Comparing ruling elite strategies in Hong Kong and Singapore: implications for the future
While Hong Kong experienced a rising opposition movement in the 1970s and 1980s, Singapore’s leaders have successfully contained nearly all contentious politics in the city-state. This occurred in a climate in which ruling elite and oppositional groups both share similar goals. While the oppositional groups usually stress reform goals over revolutionary demands, Singapore and Hong Kong’s rulers prioritize economic growth and government eﬃciency (Table 9.1). The main diﬀerence between these two states can be found in the tactics of the oppositional and ruling elite groups. While Hong Kong’s leaders opted most often for co-option and the opposition relied mostly on noninstitutionalized tactics, such as protests, sit-ins, or strikes, Singapore’s rulers have been much more willing to resort to repression when necessary and opposition has been largely resigned to remaining within the institutional framework. These strategies have had an impact on the diﬀerences in the organizational structure of the two opposition movements. While Hong Kong’s challengers had enough funding to ﬁnance social activities, Singapore’s opposition has diﬃculties even in ﬁnancing election deposits and campaigns. While the diﬀerences in the tactics of the ruling elites partially explain why
the opposition opts for certain tactics, another reason needs to be taken into account, namely the ability of the government to achieve its goals. The two cases demonstrate that it is much more diﬃcult for Singapore’s opposition to argue or even protest for greater democratization than it was the case in Hong Kong. This can be attributed to government eﬃciency and eﬀectiveness in fulﬁlling the demands of the population, which demonstrates why performance legitimacy plays such an important role for these authoritarian regimes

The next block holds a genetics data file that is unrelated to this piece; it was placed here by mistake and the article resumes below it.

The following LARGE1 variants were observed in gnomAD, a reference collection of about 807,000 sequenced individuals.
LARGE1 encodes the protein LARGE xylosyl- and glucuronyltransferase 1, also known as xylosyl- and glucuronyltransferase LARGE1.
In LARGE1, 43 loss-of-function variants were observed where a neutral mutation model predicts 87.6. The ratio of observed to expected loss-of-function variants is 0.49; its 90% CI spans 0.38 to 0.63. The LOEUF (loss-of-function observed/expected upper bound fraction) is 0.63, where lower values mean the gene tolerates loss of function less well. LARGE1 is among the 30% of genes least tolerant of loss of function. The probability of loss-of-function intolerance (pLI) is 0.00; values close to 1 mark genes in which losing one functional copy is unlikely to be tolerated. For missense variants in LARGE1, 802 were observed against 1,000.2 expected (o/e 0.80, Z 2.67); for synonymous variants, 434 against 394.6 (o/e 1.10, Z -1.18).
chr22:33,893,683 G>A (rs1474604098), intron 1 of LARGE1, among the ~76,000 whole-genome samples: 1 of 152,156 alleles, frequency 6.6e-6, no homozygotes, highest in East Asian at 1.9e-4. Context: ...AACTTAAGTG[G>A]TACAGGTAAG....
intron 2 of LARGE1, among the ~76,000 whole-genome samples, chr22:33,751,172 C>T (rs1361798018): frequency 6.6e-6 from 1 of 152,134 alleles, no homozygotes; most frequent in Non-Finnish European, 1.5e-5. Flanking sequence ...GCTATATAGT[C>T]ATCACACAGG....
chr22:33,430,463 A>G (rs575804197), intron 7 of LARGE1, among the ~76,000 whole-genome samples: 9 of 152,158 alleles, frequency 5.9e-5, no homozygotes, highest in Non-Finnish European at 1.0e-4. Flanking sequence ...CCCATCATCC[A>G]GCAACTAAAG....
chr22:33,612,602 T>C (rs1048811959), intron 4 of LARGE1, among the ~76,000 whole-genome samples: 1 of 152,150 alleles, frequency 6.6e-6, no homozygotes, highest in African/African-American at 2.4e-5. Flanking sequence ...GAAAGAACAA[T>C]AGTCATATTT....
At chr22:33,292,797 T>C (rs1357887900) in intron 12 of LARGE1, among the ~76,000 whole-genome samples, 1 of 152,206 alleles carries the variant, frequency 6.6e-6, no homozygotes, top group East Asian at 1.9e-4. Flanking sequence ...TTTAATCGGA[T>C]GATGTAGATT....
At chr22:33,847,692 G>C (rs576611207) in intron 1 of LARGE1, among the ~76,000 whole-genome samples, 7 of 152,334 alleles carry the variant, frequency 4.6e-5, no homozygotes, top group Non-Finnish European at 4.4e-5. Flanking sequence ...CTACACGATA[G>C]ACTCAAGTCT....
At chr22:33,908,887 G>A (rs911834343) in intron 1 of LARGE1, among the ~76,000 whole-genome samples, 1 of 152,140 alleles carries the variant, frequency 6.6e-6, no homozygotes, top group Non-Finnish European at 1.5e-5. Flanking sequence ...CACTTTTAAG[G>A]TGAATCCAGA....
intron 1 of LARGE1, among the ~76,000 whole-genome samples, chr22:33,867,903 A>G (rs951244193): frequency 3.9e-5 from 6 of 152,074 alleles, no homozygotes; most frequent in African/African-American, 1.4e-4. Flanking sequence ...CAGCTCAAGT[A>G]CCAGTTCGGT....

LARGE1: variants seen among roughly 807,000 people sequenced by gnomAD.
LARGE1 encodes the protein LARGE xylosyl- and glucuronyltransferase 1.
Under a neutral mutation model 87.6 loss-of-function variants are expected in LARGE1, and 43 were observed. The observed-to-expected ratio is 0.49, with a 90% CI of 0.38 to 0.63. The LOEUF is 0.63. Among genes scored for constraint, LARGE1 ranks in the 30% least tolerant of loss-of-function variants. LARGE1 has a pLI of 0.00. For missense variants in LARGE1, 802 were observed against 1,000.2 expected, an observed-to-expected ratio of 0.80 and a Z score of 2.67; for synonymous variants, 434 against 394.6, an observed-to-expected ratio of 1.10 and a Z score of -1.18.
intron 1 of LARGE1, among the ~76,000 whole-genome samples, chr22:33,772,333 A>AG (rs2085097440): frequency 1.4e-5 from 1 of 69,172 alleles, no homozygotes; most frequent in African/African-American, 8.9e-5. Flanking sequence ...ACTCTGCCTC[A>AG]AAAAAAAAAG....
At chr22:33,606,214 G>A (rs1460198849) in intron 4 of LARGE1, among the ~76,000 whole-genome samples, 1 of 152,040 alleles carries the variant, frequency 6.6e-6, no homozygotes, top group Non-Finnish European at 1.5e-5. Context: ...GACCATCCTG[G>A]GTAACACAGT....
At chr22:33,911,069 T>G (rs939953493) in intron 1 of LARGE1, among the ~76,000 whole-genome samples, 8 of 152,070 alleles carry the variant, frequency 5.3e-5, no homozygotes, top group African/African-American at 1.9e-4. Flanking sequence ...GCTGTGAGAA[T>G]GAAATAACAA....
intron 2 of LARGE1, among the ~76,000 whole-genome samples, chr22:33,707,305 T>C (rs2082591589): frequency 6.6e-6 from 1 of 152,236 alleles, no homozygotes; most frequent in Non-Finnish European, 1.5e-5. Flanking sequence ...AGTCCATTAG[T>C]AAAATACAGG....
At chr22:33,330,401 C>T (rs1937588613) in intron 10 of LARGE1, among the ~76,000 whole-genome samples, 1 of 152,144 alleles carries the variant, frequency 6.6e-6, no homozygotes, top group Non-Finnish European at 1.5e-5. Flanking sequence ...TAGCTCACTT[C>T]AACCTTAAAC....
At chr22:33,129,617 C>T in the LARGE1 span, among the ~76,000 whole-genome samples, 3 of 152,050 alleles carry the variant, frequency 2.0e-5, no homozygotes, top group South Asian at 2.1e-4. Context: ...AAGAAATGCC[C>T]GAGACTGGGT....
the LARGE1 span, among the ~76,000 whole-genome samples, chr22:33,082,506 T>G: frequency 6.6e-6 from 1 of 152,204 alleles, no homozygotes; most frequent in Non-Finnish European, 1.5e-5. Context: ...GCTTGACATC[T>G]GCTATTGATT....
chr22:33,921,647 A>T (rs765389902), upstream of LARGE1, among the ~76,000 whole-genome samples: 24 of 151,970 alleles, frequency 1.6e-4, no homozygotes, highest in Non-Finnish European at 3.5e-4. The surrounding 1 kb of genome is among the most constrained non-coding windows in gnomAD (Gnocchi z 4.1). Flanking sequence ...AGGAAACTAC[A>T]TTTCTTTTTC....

with democratic features, which Stubbs (2001) has called “soft-authoritarian” regimes. It should be noted that government performance can also be inﬂuenced through persuasive propaganda, which requires control over the media, as the case of Singapore shows. In reverse, this also means that conspicuous government deﬁciencies can be instrumentalized to challenge the ruling elite. These conclusions allow us to propose diﬀerent scenarios for the future
development of contentious politics in the two city-states. On the one hand, Hong Kong’s democracy movement reached its zenith when it was able to mobilize about 500,000 people on 1 July 2003 (SCMP 2 July 2003). Since then, support for the movement has ebbed somewhat (Chan 2008) and the future of the opposition largely depends on the government’s willingness to proceed with the introduction of popular elections to the Chief Executive by 2017 (delayed from the original date of 2007) and also on the government’s ability to provide eﬃcient and eﬀective government. In contrast, recent increases in contentious politics in Singapore, coupledwith repeated government missteps, could be indicative of greater contention and perhaps democratization in the future.